Professor of Film and Screen Studies
Management Committee Member
- Professor Lindiwe Dovey
- Email address:
- +44 (0)20 7898 4388
- SOAS University of London
Thornhaugh Street, Russell Square, London WC1H 0XG
- Russell Square: College Buildings
- Office No:
- Academic Support Hours:
- Term 1: Thursdays, 11-12; Terms 2-3: On Sabbatical
Lindiwe Dovey is Professor of Film and Screen Studies at SOAS University of London, where she has been on the faculty since September 2007. She is a researcher, teacher, filmmaker, and film curator, and her work aims to combine film scholarship and practice in mutually enlightening ways. From June 2019 to June 2024, she is the Principal Investigator of the project "African Screen Worlds: Decolonising Film and Screen Studies", which is funded by a European Research Council grant. She is a member of the Decolonising SOAS working group and you can download the SOAS Decolonising Learning and Teaching Toolkit, to which Lindiwe contributed, here. With Caspar Melville, she Co-Chairs the SOAS Centre for Creative Industries, Media, and Screen Studies.
As a filmmaker, Lindiwe is currently working on a documentary film. In the past she has concentrated on making adaptations of literature (for example, of Olive Schreiner and Vladimir Nabokov’s writing), and adaptation and cultural appropriation are also topics she has reflected on in depth in her scholarly work – for example, in her first book, African film and literature: adapting violence to the screen (2009), as well as in numerous journal articles and book chapters. What primarily interests her about adaptation are the power dynamics involved in the retelling of certain stories, and the fascinating ways that people remake and reinterpret narratives in new moments and new contexts. In a recent study, for example, she looks at the ways that Ugandan veejays creatively transform foreign films for local audiences in Uganda.
As a film festival founder and curator, Lindiwe has been instrumental in raising the profile and visibility of African film in the UK. She is the Co-Founder of Film Africa, for which she was also the Co-Director and the Film Programme Director in 2011 and 2012; and the Founding Director of the Cambridge African Film Festival, the UK’s longest running annual African film festival. In her scholarly work she has combined in-depth research into the exhibition, circulation, and curation of African film with reflections on her own experiences of founding, directing, and curating film festivals, most notably in her book Curating Africa in the Age of Film Festivals (2015), and in articles in journals such as Screen, Cinema Journal, Scope, Jump Cut, Journal of African Cultural Studies, and Feminist Africa.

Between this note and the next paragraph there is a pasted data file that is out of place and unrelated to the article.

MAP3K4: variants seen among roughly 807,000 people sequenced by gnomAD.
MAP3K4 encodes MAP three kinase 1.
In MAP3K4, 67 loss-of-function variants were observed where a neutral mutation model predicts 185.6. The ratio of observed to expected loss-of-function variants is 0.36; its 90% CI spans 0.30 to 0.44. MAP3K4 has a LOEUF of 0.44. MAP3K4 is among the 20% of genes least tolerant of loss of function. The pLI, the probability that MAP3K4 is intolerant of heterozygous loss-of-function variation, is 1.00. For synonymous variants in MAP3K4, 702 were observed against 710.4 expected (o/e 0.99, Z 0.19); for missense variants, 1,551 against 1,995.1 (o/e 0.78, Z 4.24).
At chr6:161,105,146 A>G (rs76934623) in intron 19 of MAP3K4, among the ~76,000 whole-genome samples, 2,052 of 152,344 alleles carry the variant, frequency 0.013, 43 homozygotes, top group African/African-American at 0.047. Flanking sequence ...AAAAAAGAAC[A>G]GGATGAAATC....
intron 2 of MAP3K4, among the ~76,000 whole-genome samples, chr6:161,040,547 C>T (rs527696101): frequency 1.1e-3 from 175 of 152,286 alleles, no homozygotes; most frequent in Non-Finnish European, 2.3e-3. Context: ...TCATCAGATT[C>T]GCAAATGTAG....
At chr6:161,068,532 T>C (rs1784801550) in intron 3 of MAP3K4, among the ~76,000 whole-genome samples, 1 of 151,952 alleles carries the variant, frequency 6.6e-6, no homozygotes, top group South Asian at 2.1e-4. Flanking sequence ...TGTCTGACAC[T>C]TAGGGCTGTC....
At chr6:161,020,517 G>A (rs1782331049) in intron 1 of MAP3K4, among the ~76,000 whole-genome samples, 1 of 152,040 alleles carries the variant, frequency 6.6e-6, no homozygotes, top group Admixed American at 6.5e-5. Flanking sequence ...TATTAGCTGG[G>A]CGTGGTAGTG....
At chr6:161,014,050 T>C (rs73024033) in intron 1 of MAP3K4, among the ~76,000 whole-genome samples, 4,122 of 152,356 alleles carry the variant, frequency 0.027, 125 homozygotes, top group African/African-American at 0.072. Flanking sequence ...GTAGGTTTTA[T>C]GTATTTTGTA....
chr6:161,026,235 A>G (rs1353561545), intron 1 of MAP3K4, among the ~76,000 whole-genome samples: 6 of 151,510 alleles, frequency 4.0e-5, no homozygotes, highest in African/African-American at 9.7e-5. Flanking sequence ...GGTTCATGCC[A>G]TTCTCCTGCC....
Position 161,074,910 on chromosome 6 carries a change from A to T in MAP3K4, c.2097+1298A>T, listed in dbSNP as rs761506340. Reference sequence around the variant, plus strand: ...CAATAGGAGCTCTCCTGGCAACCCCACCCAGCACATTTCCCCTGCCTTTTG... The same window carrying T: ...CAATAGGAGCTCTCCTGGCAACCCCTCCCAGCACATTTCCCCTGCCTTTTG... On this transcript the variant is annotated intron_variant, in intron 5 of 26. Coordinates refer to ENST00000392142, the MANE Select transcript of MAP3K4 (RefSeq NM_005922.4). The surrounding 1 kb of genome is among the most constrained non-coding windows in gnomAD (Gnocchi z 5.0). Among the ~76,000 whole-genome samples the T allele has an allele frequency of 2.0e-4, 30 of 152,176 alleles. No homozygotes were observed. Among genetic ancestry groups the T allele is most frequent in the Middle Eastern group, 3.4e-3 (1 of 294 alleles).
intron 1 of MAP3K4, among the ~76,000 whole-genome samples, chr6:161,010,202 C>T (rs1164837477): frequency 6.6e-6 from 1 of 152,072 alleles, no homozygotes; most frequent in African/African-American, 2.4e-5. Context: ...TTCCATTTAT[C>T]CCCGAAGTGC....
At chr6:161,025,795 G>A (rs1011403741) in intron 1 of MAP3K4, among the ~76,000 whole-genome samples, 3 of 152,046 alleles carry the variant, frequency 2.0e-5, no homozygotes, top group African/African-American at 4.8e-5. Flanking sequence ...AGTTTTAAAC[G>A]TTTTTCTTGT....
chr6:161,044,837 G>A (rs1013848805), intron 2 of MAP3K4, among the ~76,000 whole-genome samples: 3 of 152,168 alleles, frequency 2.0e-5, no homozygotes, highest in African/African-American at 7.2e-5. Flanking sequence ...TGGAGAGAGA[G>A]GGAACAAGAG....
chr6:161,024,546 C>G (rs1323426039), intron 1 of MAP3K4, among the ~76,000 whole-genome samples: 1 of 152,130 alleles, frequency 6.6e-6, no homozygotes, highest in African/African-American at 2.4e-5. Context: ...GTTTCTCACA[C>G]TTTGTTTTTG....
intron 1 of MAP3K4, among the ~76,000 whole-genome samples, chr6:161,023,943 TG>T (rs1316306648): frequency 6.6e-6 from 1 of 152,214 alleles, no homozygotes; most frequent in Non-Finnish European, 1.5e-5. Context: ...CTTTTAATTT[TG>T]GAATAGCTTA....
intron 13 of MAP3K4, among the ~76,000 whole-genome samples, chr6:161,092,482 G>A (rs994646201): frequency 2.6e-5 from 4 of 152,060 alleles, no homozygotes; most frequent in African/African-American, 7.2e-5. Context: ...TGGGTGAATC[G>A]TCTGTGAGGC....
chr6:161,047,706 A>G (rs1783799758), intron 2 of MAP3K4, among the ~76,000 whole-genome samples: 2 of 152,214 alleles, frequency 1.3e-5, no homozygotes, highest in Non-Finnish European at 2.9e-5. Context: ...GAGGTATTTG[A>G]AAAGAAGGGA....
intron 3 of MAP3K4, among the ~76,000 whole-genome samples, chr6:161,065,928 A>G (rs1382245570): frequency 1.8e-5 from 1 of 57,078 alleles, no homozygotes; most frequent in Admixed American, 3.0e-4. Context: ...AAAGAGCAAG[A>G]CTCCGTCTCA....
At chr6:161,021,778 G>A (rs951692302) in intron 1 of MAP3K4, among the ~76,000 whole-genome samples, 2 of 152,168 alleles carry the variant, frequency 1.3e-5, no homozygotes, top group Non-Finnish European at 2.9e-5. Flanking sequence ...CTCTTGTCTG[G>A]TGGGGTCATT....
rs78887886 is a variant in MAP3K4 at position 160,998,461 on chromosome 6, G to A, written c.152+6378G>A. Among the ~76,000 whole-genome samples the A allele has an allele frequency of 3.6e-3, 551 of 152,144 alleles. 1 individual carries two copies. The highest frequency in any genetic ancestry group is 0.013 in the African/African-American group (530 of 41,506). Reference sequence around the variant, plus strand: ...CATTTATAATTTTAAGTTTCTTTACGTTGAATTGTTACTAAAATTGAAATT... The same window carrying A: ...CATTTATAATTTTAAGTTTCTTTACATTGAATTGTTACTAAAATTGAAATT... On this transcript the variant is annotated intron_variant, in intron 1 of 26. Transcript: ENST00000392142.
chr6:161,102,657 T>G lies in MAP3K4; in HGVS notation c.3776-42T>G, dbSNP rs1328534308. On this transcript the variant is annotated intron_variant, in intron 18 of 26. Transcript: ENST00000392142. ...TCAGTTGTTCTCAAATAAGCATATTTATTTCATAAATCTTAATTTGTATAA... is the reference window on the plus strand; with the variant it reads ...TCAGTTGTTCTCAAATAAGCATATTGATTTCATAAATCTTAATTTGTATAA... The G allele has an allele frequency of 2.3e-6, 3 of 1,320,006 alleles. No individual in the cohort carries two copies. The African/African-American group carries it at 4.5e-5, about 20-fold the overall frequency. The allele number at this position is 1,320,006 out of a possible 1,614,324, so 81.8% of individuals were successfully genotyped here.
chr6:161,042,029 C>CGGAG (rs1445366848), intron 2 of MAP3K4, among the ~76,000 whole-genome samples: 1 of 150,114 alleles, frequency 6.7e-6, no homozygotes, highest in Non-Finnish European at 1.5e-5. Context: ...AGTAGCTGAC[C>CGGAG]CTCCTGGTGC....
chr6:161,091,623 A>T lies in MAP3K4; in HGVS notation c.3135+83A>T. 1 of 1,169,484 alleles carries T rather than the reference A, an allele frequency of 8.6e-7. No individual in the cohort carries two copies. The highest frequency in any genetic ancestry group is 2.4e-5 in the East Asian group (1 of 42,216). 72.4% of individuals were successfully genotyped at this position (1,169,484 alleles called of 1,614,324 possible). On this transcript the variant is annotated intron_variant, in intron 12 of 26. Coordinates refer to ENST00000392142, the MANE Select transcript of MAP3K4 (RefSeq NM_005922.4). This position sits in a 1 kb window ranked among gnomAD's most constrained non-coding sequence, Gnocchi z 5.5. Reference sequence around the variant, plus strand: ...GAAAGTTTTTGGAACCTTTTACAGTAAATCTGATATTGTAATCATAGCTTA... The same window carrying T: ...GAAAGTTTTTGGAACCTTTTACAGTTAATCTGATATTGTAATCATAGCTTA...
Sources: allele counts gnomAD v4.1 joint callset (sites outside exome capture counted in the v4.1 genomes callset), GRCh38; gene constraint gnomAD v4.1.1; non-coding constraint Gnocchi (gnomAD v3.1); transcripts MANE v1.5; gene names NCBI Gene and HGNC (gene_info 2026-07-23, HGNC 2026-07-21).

Lindiwe's current research explores the work of women filmmakers who are decolonising screen media, and how the internet is changing the production, distribution, and exhibition of screen media globally.
Lindiwe convenes the MA Global Cinemas and the PhD Film Studies at SOAS. With colleagues she has co-curated film seasons exploring the similarities and differences between film cultures and industries in the Global South, such as Gender Agenda! and Mixed Roots.
Lindiwe won scholarships to study at Harvard University, where she graduated with a BA Honors in 2001, and at the University of Cambridge, where she graduated with a PhD in 2005. She has been the recipient of numerous awards, including a 2010 Choice Outstanding Academic Title Award, the 2011 SOAS Director's Teaching Prize, and a 2011 Philip Leverhulme Prize for outstanding scholarship.
You can find out more about Lindiwe and her work at her website Lindiwe Dovey. Her publications can be accessed through SOAS Research Online and ResearchGate.
Dovey, Lindiwe (2015) Curating Africa in the Age of Film Festivals. New York, NY; London: Palgrave Macmillan.
Dovey, Lindiwe (2009) African Film and Literature: Adapting Violence to the Screen. New York: Columbia University Press.
Dovey, Lindiwe (2018) 'Entertaining Africans: Creative Innovation in the (Internet) Television Space'. Media Industries, (5) 2.
Dovey, Lindiwe (2016) 'On the Matter of Fiction: An Approach to the Marginalization of African Film Studies in the Global Academy'. Black Camera, (7) 2, pp 159-173.
Dovey, Lindiwe and Olivieri, Federico (2015) 'Festivals and the politics of space and mobility: the Tarifa/Cordoba African Film Festival (FCAT) as nomadic heterotopia'. Screen, (56) 1, pp 142-148.
Dovey, Lindiwe (2015) 'Through the Eye of a Film Festival: Toward a Curatorial and Spectator Centered Approach to the Study of African Screen Media'. Cinema Journal, (54) 2, pp 126-132.
Dovey, Lindiwe (2014) 'Curating Africa: Teaching African Film through the Lens of Film Festivals'. Scope: An online journal of film and television studies, (26), pp 6-9.
Dovey, Lindiwe and McNamara, Joshua and Olivieri, Federico (2013) '"From, by, for": Nairobi's Slum Film Festival, film festival studies, and the practices of development'. Jump Cut, (55).
Dovey, Lindiwe (2013) 'Film Africa 2012: Reflections'. Journal of African Cultural Studies, (25) 1, pp 122-127.